For instance, my daughter of 2 will sneak into the pantry, take a stack of graham crackers, hide behind the closet door and quietly eat them. All the marks of a sin! Theft, deceit, obstruction of justice, contempt for authority.

      Not much different than Eve’s apple, if you ask me.

  3. Great post, Michael. Worthy of a Facebook link to drive people to your website and generate controvers—er, conversation. ;-)

    I do think this question about how human Jesus was should also be asked in regard to the Bible. I think we both agree that the Scriptures are God-breathed, but there may be a difference as to how we view the Bible as inspired and to what extent. (I’m a newcomer and thus unfamiliar with where you stand on most issues, although you’ve already made an impact on me with your definition of “post-evangelical.”)

    While I believe that the Bible is a reliable testimony to the work of God in the lives of men, I don’t desire to ascribe to the Scriptures what it was never intended to be, i.e., a textbook of infallible science and antediluvian history. The more I’ve dug into what the Bible meant to its original hearers and/or readers, the more I’ve drifted away from mechanical inspiration and “total inerrancy.” I’ve also begun to see the Bible as “incarnational,” that is, Christ-like: fully divine yet fully human. (Yes, I’ve read Peter Enns’ work.)

    While Christ possessed a fallible physical body (subject to the passage of time, hunger, pain, death, etc.) and limited intellect (there are a number of instances of this related in the Gospels that people have mentioned above), He also possessed a Spirit-filled will as a result of His divine nature and origin. I’m even inclined to recognize that Jesus (and Paul) as well possessed mistaken concepts of the cosmos and science, influenced heavily by his (their) Jewish heritage and Platonic philosophy. But that’s nothing to worry about. Indeed, it’s a natural expectation.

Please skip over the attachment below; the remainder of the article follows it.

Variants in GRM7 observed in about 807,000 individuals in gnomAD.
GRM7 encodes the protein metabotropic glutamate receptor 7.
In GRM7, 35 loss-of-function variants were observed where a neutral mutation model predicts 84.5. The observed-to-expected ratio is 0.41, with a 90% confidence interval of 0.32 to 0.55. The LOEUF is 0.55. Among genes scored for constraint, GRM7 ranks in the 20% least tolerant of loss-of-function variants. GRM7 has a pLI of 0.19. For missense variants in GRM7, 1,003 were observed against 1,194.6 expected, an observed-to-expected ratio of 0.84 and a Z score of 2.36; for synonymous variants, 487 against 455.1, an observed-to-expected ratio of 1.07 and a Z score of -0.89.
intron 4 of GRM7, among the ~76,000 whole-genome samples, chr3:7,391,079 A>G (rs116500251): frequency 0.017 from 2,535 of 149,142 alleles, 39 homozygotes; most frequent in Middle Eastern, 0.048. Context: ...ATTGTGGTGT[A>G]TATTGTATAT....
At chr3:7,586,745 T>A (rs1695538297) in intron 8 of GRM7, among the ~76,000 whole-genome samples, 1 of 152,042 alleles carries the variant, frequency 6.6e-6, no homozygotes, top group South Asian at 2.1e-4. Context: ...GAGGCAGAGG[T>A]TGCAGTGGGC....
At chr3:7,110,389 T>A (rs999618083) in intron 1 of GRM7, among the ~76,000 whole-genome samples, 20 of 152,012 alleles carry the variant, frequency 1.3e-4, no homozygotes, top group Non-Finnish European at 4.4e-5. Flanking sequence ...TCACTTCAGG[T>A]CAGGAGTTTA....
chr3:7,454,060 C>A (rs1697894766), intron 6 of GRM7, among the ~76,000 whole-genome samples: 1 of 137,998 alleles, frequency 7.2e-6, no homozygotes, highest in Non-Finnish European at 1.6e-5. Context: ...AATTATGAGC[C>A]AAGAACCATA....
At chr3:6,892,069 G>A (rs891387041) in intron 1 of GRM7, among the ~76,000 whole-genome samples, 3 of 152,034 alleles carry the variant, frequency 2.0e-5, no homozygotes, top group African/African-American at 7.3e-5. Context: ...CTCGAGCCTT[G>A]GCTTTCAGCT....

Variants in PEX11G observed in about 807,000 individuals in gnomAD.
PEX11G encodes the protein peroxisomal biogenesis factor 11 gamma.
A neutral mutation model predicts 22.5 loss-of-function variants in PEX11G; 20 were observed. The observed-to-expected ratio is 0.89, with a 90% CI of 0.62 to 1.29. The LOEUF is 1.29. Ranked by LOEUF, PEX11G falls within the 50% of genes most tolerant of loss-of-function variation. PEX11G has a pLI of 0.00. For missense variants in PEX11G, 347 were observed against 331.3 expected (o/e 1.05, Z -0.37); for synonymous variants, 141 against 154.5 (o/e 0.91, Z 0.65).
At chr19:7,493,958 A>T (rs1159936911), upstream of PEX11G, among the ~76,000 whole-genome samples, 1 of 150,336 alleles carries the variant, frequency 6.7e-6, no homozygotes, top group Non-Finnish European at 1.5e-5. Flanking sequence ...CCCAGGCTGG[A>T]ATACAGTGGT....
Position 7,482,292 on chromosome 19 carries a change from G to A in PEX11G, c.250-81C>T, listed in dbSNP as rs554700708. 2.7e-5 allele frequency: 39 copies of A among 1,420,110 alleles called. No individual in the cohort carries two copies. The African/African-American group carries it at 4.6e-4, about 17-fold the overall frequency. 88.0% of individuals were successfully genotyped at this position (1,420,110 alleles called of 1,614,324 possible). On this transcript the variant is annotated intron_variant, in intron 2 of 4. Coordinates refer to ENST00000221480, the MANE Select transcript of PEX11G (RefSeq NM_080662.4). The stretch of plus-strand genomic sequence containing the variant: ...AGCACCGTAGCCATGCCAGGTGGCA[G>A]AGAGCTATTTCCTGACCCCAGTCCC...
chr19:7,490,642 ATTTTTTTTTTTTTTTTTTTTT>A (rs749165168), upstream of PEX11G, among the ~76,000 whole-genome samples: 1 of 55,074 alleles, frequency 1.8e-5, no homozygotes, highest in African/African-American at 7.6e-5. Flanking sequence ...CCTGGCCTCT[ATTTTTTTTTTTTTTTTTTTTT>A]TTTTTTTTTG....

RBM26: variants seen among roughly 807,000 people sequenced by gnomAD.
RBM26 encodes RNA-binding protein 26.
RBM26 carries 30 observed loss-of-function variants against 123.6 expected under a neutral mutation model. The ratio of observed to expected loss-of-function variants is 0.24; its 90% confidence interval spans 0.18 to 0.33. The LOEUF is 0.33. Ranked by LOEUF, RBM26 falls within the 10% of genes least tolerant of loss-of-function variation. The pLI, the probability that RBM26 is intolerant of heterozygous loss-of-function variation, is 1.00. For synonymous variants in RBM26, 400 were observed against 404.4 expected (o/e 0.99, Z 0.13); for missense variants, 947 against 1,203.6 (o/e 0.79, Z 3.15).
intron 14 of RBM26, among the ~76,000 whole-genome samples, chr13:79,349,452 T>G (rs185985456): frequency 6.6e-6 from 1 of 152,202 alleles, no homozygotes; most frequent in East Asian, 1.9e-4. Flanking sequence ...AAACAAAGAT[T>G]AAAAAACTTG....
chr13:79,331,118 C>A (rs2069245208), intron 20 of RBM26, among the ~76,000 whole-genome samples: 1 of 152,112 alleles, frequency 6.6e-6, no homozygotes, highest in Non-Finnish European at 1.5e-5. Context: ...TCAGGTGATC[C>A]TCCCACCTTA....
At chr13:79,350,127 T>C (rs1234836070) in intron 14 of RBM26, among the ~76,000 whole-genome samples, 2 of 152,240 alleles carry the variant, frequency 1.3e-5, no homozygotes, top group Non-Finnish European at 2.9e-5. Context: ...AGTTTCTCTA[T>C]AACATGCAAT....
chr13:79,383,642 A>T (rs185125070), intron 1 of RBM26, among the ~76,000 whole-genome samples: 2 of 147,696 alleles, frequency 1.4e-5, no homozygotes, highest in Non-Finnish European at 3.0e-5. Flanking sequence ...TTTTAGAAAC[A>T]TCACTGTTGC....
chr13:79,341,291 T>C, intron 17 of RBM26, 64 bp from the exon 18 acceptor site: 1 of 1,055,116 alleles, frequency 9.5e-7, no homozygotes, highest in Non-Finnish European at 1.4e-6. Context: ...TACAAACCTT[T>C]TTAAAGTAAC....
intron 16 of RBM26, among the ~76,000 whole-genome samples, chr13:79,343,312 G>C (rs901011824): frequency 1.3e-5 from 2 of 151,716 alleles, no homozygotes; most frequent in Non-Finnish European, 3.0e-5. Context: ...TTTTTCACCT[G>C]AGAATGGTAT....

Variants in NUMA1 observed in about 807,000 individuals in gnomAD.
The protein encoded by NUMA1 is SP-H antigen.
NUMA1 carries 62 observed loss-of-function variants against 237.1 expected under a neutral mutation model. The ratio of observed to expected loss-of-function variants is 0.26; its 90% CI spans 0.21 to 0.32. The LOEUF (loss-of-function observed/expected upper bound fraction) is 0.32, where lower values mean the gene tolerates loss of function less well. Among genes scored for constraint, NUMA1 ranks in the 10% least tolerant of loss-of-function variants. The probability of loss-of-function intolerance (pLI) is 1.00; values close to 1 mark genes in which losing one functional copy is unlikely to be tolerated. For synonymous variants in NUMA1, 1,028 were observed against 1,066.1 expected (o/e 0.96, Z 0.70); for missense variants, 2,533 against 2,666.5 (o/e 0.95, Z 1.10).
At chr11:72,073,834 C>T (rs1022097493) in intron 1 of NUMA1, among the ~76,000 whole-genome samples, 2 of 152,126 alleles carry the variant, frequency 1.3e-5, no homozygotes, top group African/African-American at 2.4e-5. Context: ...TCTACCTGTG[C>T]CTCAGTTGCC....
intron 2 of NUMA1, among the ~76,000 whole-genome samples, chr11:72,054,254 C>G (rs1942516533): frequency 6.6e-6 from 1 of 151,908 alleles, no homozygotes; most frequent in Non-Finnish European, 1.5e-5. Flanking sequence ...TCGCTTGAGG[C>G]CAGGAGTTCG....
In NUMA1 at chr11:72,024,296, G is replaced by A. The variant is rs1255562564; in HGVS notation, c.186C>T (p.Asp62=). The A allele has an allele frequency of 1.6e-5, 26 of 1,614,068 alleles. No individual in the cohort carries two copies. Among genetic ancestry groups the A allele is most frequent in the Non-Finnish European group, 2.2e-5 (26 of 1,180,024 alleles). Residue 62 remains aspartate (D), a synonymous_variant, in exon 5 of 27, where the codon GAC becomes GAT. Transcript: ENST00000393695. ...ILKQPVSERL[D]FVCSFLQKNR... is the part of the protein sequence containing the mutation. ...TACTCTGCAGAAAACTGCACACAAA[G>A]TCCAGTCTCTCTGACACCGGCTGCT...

Like Christ, the Bible possesses purely human qualities (ancient scientific concepts and etiological history), yet the Spirit also speaks through the fallible vessel it is to impart divine theological truths, which are infallible. Cannot Truth (with a capital “T”) be imparted through fallible vessels? Was Paul or Peter equally inspired in everything they said and did? The book of Acts and Paul’s letters (e.g., 1 Corinthians’ discussion of marriage) would declare otherwise. So why should the Bible be any different?

    We go through life every day, taking in information from non-divine sources that we deem reliable (or unreliable) to various degrees. We trust things in which, theologically speaking, we should have no business placing our trust, but we do; to do otherwise would be to cease living. (That is to say, we routinely trust and rely on demonstrably errant and fallible things and people.) As mature Christians, you and I have learned to adopt a continuously prayerful attitude, always listening to the whisper of the Spirit, and taking comfort that He is ultimately in charge. But is that whisper always the Spirit’s? Jeremiah 17:9 states, “The heart is deceitful above all things, and desperately sick; who can understand it?” There is something to be recognized here: Sometimes, we misinterpret our own guidance for that of the Spirit’s. Therefore, are we not fallible vessels through whom the infallible Spirit speaks, both to others and ourselves, and which, at times, can be desperately wrong?

    So, where does that leave me? With a fallible book imparting infallible theological truths. My faith is all the more deeper and richer for recognizing this, and my faith is also more flexible, able to bend like a reed amidst life’s intellectual challenges. If anything, I could say that I have more faith than most. I don’t trust in the Bible because the Bible tells me to. I trust the Bible as a reliable source of moral guidance (2 Tim 3:16-17) because I’ve had an encounter with the living Christ. His Spirit led me from the brink of eternal death into eternal life, and to dismiss the Bible as theologically unreliable would be to quench the message which the Spirit continues to speak thousands of years after they were first written. Just because the Bible contains, from a modern scientific and historical perspective, inaccuracies, it does not mean that truth cannot be imparted through it, and infallible truth at that! The Bible IS alive, even within my paradigm.